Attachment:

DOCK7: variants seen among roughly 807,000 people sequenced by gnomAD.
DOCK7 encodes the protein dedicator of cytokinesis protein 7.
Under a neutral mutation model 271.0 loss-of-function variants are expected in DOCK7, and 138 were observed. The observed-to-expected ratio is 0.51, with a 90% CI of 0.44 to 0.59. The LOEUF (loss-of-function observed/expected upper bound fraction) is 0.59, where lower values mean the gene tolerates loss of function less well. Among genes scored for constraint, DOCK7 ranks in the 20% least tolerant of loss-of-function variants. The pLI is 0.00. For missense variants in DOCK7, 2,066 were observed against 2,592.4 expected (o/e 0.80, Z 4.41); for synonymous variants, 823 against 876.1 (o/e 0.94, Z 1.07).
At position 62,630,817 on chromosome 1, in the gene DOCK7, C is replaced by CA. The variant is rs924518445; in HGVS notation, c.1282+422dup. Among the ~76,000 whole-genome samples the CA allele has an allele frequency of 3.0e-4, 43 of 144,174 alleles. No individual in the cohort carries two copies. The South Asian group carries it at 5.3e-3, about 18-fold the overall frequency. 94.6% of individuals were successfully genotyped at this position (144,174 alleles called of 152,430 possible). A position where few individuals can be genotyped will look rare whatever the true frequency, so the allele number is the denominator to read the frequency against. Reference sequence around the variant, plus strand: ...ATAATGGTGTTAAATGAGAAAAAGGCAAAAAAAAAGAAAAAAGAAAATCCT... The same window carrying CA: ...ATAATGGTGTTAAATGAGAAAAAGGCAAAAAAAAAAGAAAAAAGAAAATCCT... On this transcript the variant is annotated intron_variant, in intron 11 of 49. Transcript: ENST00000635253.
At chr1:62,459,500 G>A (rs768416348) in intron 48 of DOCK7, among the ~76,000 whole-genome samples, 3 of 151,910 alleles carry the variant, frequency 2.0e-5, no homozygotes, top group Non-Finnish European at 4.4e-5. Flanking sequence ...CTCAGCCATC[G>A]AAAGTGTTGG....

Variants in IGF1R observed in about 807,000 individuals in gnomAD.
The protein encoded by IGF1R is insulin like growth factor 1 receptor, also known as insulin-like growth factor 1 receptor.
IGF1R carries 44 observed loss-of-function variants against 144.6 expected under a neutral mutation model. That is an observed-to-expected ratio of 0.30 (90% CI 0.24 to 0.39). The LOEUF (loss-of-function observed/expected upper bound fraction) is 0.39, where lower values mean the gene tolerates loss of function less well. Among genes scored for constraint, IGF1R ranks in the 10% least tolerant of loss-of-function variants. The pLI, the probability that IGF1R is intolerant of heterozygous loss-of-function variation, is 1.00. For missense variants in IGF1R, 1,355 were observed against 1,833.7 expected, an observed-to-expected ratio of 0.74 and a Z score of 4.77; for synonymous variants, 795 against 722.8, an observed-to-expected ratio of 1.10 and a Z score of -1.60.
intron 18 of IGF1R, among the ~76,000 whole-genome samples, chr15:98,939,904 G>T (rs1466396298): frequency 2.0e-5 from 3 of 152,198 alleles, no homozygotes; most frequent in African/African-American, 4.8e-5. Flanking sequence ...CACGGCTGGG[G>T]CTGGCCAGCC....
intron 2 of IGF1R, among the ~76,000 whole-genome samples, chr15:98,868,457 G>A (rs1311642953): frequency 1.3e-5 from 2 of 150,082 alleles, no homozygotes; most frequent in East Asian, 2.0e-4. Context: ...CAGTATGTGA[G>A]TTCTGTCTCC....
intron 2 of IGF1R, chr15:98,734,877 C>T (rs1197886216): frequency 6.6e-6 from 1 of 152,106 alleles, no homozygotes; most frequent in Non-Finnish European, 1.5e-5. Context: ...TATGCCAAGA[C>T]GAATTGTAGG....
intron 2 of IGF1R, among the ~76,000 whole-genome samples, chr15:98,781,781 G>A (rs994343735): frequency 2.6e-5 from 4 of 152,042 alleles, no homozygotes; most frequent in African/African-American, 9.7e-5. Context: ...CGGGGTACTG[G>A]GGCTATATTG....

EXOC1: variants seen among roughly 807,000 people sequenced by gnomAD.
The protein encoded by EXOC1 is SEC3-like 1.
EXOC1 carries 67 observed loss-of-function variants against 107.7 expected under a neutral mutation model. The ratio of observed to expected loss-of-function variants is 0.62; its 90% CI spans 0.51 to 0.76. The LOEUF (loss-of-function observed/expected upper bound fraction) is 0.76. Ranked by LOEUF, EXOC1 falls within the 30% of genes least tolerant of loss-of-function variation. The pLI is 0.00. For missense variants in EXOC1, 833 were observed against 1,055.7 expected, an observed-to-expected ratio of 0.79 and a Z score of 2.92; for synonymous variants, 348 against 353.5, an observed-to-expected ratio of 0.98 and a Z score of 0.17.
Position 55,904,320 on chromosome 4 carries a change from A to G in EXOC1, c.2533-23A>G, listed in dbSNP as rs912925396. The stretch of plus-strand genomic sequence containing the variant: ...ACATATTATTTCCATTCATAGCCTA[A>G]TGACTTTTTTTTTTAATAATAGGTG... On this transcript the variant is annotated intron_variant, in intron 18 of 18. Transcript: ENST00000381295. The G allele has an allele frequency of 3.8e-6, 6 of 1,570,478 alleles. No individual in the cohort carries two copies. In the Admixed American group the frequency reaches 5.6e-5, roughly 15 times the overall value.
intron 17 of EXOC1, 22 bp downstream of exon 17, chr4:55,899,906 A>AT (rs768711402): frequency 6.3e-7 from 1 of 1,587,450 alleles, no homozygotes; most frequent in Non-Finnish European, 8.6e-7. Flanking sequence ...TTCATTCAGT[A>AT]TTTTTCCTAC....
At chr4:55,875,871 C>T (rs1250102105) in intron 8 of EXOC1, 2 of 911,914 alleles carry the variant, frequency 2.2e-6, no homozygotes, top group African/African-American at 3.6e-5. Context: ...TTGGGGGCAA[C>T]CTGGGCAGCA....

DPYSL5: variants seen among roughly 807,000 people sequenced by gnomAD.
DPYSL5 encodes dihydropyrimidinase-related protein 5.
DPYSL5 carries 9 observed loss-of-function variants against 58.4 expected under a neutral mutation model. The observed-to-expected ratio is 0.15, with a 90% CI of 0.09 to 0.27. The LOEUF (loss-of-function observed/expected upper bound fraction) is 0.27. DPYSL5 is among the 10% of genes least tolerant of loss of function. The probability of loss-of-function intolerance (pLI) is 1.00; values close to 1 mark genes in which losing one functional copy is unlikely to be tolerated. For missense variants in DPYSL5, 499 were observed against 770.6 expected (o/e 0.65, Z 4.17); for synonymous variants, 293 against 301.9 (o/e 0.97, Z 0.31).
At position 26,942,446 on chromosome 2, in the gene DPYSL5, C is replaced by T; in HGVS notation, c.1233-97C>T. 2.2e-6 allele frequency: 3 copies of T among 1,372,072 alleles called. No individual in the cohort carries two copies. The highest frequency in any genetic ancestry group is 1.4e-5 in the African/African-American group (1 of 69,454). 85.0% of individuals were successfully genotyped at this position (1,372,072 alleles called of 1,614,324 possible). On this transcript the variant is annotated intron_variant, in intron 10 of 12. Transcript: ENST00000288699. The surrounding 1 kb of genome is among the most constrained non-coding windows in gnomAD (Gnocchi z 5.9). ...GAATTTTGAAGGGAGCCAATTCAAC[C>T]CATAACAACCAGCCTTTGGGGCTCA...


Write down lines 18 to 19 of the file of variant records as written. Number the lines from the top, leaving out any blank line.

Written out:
At chr4:55,875,871 C>T (rs1250102105) in intron 8 of EXOC1, 2 of 911,914 alleles carry the variant, frequency 2.2e-6, no homozygotes, top group African/African-American at 3.6e-5. Context: ...TTGGGGGCAA[C>T]CTGGGCAGCA....

DPYSL5: variants seen among roughly 807,000 people sequenced by gnomAD.